The Bad Guys are Getting Smarter. Time for Improved Security Measures.
The security landscape is getting more dangerous. The days of poorly worded emails from a fictitious Nigerian prince who wants to send you ten million dollars are long gone. No more bad grammar. No more fuzzy images. The phishing is getting better and better. It’s fooling even savvy users, and organizations are ending up with ransomware in their systems, leading to huge losses, and severe business disruption. What should we do about it?
First, understand that the most effective attacks are behavioral, not technical. The goal is to fool someone into doing something they shouldn’t. Spear phishing, fraudulent phone calls, sham faxes, and specious texts are all effective. It is less likely that criminals are going to hack your firewall than they are to get an employee to give up their credentials or other personal information. Even worse, you may not know you have been compromised for a long time – when it is too late to stop the damage. Ransomware criminals have a very effective business model: encrypt the systems, get paid a huge ransom, unlock the systems. They even have a help desk available to get assistance in paying the ransom. It is hugely successful business for bad actors!
The threats are coming fast and are ever more sophisticated.
Here are two real-life examples of spear phishing. In the first, an executive received an email from one of their professional contacts. The contact was a valued colleague and a member of the same professional organization. The friendly email contained personal information about the executive’s family, job, leisure activities, and past jobs. It was a reminder from a friend to get onto the professional organization’s web site and sign up for the upcoming conference. The executive clicked the link. In this case, the security systems of the organization blocked access to the fraudulent website and no harm was done. How did the fraudster know all of this personal information? All of the information in this fictitious email was on found LinkedIn. It was simple for the bad guy to create an email account and launch a spear phishing attack.
In the second case, a payroll clerk received a fax from an employee’s requesting a change to their direct payroll deposit. There was a signed organizational form attached with all the relevant information and new account numbers (an old form, but still one from that organization). The clerk was fooled and started the process. An out-of-band organizational control regarding changes to payroll data kept the change from happening. It was a close call. How did this bad guy find this information and this form? It is all on the organization’s website. Easy.
A second effective step is to harden passwords. Stop using variations of the same password for all of your accounts. Stop using common words as part of your passwords. Microsoft and some other vendors can implement password policies that enforce strong passwords that don’t have common words, any part of the user’s name, and demand complexity. Nobody likes hard-to-remember passwords, but they are required to provide security. Have a different password for every account and not simply a variation of the same password. Use a password manager to keep track.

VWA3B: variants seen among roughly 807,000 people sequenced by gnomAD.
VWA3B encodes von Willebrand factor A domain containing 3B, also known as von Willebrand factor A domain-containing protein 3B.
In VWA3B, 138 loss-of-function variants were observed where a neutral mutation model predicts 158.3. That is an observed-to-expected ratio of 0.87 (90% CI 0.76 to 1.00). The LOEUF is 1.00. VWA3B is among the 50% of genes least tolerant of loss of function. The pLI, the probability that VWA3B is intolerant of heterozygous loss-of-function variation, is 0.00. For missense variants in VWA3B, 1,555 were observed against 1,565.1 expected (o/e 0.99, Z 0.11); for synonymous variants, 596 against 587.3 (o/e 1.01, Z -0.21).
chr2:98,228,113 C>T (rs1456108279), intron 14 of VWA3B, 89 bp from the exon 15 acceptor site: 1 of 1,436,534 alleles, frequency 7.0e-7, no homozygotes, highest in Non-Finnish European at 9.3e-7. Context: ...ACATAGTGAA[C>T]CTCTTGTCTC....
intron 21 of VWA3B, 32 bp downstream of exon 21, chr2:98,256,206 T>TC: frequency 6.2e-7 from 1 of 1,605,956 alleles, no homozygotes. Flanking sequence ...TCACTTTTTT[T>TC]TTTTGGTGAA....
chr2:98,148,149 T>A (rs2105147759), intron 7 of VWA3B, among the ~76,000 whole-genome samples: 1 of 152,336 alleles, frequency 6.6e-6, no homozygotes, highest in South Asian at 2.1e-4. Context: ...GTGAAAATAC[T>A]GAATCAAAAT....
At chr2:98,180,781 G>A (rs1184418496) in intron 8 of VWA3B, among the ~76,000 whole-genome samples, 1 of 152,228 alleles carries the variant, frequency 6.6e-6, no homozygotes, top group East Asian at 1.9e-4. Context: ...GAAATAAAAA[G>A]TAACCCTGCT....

Third, don’t believe what you see and hear. Don’t click on links in email unless you are expecting such links. That’s one reason I haven’t included any links in this post. Don’t believe people are who they say they are when they call you if they don’t show up on your caller ID as a known contact. It can get tricky. My car was recently involved in an accident. The insurance company – at least that’s who they said they were – called me. The first thing they wanted to do was verify my identity by asking for SSN, birthdate, and other personal information. I refused. I asked how they intended to prove to me that they were who they claimed to be. The caller offered a phone number I could call. Again, I refused. It was frustrating and took some web searching in order for me to confirm that this was not a scam. It was a hassle. I’d do it again.
Fourth, consider multi-factor authentication even when users are on-site and NOT just when working remotely. I like the USB keys. There are many vendors who sell this kind of technology. In every large organization, somebody’s credentials will get compromised. It has happened. It will happen. If 100% of all logins require multi-factor authentication, organizations are much safer. If you think that the cost of the technology is too high, consider the cost of being held hostage by ransomware.
The threats are coming fast and are ever more sophisticated. Phishing emails are harder to detect. What we’ve counted on in the past isn’t enough. We need to have ever more sophisticated defenses. We all need heightened vigilance. The last line of defense is not falling for behavioral hacks.
by Bruce Elkington, Senior Strategic Advisor